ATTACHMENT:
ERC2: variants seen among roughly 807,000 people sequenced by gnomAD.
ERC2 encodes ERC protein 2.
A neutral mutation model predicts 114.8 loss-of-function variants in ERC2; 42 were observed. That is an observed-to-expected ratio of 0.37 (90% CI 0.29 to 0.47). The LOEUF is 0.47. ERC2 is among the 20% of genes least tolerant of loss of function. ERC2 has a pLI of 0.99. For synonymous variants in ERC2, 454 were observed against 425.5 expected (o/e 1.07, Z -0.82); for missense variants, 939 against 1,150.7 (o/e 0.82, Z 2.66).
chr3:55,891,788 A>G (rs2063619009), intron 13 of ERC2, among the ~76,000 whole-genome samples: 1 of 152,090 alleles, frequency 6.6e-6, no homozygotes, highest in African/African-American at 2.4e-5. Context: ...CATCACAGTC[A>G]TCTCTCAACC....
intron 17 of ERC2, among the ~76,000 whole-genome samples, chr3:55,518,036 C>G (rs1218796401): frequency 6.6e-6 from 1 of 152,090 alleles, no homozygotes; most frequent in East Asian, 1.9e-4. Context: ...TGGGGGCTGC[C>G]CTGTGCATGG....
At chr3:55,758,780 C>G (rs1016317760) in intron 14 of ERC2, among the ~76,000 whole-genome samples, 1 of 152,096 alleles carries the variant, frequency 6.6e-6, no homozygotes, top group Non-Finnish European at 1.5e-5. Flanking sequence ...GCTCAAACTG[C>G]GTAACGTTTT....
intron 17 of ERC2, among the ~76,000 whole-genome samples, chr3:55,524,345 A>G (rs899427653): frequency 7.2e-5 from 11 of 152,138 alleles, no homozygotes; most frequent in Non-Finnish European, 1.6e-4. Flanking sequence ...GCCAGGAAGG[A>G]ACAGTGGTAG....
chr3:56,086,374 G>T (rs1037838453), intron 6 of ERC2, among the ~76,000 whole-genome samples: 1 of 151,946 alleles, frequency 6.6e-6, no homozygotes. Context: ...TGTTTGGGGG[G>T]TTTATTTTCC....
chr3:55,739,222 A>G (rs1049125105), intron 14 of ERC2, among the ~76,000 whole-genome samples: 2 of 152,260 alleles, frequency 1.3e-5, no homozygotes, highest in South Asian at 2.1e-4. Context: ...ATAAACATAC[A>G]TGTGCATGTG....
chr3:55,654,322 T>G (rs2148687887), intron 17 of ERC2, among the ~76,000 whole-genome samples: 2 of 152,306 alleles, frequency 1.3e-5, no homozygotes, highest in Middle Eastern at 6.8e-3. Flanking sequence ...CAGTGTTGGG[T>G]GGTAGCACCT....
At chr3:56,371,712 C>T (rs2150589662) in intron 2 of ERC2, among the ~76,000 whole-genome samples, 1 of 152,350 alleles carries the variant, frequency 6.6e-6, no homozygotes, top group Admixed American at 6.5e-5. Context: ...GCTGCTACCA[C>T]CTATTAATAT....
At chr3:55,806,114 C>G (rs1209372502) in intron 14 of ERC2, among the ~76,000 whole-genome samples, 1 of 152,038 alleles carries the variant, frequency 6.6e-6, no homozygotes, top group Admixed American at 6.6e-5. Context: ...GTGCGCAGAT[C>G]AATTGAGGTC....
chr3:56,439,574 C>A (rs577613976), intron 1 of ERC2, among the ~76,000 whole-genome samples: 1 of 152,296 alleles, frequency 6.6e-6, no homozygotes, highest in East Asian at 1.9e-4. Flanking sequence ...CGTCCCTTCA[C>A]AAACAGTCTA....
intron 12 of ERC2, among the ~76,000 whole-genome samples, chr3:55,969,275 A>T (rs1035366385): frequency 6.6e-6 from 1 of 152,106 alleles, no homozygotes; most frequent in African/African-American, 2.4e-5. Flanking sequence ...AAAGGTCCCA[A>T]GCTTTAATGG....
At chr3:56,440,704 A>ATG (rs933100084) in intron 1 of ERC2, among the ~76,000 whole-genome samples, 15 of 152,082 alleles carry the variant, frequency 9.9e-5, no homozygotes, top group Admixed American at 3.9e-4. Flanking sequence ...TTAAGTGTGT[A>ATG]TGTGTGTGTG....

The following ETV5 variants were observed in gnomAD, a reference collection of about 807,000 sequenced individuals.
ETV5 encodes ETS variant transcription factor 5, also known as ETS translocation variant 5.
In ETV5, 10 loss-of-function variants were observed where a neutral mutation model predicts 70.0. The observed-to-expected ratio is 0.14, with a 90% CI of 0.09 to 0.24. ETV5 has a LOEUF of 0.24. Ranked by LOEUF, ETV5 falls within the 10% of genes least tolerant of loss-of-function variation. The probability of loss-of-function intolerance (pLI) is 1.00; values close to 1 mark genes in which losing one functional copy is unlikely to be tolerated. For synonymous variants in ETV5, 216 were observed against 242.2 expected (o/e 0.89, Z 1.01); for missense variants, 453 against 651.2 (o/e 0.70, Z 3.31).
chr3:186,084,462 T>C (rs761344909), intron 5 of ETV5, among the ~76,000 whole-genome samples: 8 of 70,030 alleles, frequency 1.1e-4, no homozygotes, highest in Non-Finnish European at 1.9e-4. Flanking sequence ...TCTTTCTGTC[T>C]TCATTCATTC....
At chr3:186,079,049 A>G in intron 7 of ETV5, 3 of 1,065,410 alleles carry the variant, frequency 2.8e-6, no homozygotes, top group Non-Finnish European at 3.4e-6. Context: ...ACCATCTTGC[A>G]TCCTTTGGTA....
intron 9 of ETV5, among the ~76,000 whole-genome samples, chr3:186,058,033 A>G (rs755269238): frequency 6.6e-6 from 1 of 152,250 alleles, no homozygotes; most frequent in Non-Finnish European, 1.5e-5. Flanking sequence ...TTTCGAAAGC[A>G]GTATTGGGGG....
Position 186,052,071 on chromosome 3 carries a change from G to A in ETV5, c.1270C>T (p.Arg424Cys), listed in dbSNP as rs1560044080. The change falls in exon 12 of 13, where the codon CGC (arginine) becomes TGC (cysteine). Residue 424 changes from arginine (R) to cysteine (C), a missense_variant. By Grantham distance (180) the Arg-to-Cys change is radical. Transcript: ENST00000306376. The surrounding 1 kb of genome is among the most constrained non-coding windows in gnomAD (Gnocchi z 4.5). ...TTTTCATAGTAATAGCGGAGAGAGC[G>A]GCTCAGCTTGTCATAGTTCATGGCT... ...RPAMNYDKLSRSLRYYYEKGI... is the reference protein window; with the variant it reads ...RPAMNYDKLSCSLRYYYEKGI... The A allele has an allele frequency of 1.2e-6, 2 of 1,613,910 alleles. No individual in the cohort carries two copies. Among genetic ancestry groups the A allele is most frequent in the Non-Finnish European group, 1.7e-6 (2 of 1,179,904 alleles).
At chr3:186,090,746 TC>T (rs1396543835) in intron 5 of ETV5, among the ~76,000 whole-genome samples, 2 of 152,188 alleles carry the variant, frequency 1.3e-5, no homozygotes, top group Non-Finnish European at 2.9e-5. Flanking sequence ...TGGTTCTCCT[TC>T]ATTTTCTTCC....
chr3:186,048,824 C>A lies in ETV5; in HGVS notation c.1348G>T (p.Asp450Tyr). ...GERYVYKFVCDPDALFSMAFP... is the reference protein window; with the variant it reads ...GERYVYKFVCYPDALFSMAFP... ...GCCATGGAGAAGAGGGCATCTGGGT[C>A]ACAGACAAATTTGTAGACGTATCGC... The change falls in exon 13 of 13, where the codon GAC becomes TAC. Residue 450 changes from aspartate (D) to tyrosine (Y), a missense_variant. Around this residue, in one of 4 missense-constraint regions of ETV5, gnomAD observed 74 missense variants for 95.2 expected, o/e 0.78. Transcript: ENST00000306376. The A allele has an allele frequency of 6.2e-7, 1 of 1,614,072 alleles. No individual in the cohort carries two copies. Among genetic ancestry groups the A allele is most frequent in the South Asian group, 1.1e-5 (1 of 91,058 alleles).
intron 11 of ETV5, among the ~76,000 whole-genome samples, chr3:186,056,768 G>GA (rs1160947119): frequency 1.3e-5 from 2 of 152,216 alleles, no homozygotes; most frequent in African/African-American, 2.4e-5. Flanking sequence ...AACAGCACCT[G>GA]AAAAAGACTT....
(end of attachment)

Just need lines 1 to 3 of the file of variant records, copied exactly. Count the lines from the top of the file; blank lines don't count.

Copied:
ERC2: variants seen among roughly 807,000 people sequenced by gnomAD.
ERC2 encodes ERC protein 2.
A neutral mutation model predicts 114.8 loss-of-function variants in ERC2; 42 were observed. That is an observed-to-expected ratio of 0.37 (90% CI 0.29 to 0.47). The LOEUF is 0.47. ERC2 is among the 20% of genes least tolerant of loss of function. ERC2 has a pLI of 0.99. For synonymous variants in ERC2, 454 were observed against 425.5 expected (o/e 1.07, Z -0.82); for missense variants, 939 against 1,150.7 (o/e 0.82, Z 2.66).